A few days ago, I visited Elkhorn Slough National Estuarine Research Reserve. I stopped at the visitor center to purchase a day use pass. The ranger who sold me the pass asked me to stop on my way into the reserve to bush off my shoes and dip them into a disinfectant bath. Seeing my surprised look, she said, “It’s to help control Sudden Oak Death Syndrome. You should do that whenever you go walking where there might be oaks. I know, it seems pointless, but I’m the kind of person who would still wash her hands during a cholera epidemic.”
When I was walking around the reserve, I didn’t even think about Sudden Oak Death Syndrome, although I did admire the many live oaks, with their long convoluted branches arching over the surrounding ground. Human beings are really good at ignoring and forgetting the huge problems which loom before us. I suspect this is the origin of apocalyptic literature, which is designed to force us into facing up to really big problems that are completely beyond our control: the book of Revelation was designed, with its striking and hallucinatory images, to get its original readers to face up to the overwhelming power and evil of the dominant Roman Empire. Apocalyptic literature is also designed to help us feel as though we can make meaningful moral judgments about overwhelming problems, and it is designed to give us hope that somehow things will turn out well, albeit in ways that we really can’t comprehend right now.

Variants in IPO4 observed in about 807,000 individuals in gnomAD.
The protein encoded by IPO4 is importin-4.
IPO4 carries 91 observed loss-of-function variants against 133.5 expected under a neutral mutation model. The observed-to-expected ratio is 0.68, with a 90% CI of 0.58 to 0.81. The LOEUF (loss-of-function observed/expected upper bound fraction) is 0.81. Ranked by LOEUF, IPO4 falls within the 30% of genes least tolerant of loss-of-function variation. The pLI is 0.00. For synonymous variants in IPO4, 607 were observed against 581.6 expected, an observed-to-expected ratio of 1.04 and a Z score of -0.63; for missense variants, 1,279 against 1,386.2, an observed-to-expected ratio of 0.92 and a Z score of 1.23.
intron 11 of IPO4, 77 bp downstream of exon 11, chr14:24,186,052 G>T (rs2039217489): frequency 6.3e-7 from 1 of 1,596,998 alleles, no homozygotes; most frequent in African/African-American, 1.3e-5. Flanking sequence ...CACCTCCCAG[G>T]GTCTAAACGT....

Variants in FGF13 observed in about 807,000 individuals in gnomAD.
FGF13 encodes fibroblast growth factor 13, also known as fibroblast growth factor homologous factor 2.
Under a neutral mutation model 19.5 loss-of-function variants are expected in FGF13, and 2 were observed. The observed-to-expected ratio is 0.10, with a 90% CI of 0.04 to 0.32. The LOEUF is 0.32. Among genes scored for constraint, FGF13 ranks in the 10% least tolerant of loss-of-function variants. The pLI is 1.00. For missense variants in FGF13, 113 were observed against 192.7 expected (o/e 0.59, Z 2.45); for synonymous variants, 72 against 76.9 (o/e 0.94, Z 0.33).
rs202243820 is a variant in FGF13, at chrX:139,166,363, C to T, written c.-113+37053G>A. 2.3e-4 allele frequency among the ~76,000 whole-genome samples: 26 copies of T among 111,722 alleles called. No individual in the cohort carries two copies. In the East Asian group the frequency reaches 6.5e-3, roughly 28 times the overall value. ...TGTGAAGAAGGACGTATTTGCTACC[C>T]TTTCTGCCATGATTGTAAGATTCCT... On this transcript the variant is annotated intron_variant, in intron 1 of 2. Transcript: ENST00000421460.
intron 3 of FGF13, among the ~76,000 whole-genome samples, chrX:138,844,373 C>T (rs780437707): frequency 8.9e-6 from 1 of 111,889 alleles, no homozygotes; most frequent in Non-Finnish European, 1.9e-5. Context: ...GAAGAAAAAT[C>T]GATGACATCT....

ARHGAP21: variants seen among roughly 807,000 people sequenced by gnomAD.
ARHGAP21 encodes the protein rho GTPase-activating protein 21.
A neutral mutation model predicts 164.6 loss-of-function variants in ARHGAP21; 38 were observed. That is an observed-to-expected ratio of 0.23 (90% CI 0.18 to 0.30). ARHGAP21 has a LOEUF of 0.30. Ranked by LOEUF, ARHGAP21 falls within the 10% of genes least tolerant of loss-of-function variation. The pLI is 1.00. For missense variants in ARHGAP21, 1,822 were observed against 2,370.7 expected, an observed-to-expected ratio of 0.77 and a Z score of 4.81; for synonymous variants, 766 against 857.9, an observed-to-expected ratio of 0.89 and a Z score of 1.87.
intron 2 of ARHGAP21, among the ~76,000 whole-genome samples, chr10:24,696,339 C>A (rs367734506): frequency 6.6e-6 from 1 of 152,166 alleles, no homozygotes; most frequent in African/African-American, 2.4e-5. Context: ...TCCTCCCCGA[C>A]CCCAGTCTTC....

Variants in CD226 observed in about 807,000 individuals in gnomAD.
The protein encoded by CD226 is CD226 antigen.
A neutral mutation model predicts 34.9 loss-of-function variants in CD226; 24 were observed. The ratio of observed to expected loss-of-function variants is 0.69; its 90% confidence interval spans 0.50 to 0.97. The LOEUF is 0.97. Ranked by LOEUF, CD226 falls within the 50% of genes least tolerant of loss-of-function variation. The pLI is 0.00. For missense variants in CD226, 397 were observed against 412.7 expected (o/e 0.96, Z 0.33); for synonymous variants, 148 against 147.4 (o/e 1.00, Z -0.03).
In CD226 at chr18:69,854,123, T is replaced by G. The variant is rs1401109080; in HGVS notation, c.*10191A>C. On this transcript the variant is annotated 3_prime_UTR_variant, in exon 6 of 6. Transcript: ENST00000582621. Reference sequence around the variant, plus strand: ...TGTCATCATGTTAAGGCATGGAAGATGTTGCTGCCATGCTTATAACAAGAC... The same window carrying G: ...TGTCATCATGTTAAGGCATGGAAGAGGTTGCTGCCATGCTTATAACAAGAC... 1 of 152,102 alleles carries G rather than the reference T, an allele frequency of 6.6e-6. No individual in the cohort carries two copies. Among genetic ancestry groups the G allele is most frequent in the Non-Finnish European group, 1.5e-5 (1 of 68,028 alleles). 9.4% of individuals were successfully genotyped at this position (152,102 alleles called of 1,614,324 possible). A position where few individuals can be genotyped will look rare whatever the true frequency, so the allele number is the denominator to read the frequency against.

We still have political debate, writing, and other art forms cast in the apocalyptic genre today. Al Gore’s film “An Inconvenient Truth” may be one example; and certainly some of the debate within the environmental movement tends towards the apocalyptic direction. Some of the debate about immigration into the United States and European countries vaguely resembles the apocalyptic genre, down to dire warnings and sometimes surreal logic. There is nothing wrong with apocalyptic literature — it can provide some needed comfort and hope — as long as we recognize that it is really a type of fiction or myth. You still have to wash your hands during the cholera epidemic, you probably should disinfect your shoes before walking among oaks, and when you get done reading an apocalypse you still have to deal with reality.